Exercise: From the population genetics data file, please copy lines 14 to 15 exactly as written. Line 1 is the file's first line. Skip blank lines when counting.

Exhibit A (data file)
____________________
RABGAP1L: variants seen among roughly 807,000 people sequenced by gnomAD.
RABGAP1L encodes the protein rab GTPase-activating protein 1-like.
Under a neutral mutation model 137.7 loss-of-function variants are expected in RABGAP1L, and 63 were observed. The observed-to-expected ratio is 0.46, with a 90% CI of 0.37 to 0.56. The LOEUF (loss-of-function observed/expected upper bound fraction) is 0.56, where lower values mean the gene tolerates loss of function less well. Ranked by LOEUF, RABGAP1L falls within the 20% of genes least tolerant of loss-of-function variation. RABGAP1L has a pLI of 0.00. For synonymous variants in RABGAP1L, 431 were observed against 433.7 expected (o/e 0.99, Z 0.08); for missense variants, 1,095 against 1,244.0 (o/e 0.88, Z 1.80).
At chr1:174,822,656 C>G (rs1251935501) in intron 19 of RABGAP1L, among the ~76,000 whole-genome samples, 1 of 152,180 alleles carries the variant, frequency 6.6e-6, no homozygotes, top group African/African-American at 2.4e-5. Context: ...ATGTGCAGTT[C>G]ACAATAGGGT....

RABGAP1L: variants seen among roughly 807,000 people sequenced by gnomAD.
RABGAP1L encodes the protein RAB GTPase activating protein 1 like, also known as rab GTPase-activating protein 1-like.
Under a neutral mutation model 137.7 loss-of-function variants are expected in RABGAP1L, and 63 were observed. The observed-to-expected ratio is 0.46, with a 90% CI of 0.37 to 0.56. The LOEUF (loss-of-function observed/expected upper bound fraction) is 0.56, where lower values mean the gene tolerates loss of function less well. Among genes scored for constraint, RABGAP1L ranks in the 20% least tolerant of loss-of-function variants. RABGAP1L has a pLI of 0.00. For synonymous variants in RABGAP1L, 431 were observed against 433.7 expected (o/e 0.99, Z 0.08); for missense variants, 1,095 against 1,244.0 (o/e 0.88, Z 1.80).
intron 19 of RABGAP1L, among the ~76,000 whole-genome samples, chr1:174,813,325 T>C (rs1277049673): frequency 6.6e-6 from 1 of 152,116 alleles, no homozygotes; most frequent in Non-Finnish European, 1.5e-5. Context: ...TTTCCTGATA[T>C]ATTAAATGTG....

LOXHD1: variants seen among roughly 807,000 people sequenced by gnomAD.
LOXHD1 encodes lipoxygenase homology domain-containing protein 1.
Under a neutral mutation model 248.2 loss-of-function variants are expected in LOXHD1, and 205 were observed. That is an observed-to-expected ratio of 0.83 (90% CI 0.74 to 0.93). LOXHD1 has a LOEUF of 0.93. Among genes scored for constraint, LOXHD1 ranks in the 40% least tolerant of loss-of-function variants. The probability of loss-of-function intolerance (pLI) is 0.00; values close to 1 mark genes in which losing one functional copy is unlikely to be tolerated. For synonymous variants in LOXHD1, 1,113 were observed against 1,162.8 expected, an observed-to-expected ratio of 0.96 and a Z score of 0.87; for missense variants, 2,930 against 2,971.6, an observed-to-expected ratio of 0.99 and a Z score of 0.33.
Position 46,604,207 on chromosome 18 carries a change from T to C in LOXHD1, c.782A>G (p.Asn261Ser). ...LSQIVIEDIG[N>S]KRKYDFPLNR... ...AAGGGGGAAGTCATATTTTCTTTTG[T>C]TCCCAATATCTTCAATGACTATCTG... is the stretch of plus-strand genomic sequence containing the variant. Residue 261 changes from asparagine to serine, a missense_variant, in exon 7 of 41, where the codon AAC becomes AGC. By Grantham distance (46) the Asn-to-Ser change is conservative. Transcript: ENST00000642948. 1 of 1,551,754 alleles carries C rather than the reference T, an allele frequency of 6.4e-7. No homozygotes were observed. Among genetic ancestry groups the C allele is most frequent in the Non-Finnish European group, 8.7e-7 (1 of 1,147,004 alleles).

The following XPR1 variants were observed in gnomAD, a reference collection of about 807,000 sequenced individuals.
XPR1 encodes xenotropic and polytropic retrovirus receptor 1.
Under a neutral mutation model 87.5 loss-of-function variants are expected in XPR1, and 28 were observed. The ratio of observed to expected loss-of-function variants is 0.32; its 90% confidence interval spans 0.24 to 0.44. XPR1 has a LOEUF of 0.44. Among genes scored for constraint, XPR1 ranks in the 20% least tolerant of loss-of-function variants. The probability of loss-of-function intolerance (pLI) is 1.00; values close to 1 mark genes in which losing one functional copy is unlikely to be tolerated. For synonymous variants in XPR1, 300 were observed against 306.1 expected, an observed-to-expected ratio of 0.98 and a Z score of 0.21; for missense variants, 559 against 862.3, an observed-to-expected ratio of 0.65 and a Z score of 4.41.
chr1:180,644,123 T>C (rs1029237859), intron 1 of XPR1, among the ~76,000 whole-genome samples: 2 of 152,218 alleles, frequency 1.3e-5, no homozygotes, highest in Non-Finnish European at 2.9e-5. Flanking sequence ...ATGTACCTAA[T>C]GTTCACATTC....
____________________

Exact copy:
XPR1 encodes xenotropic and polytropic retrovirus receptor 1.
Under a neutral mutation model 87.5 loss-of-function variants are expected in XPR1, and 28 were observed. The ratio of observed to expected loss-of-function variants is 0.32; its 90% confidence interval spans 0.24 to 0.44. XPR1 has a LOEUF of 0.44. Among genes scored for constraint, XPR1 ranks in the 20% least tolerant of loss-of-function variants. The probability of loss-of-function intolerance (pLI) is 1.00; values close to 1 mark genes in which losing one functional copy is unlikely to be tolerated. For synonymous variants in XPR1, 300 were observed against 306.1 expected, an observed-to-expected ratio of 0.98 and a Z score of 0.21; for missense variants, 559 against 862.3, an observed-to-expected ratio of 0.65 and a Z score of 4.41.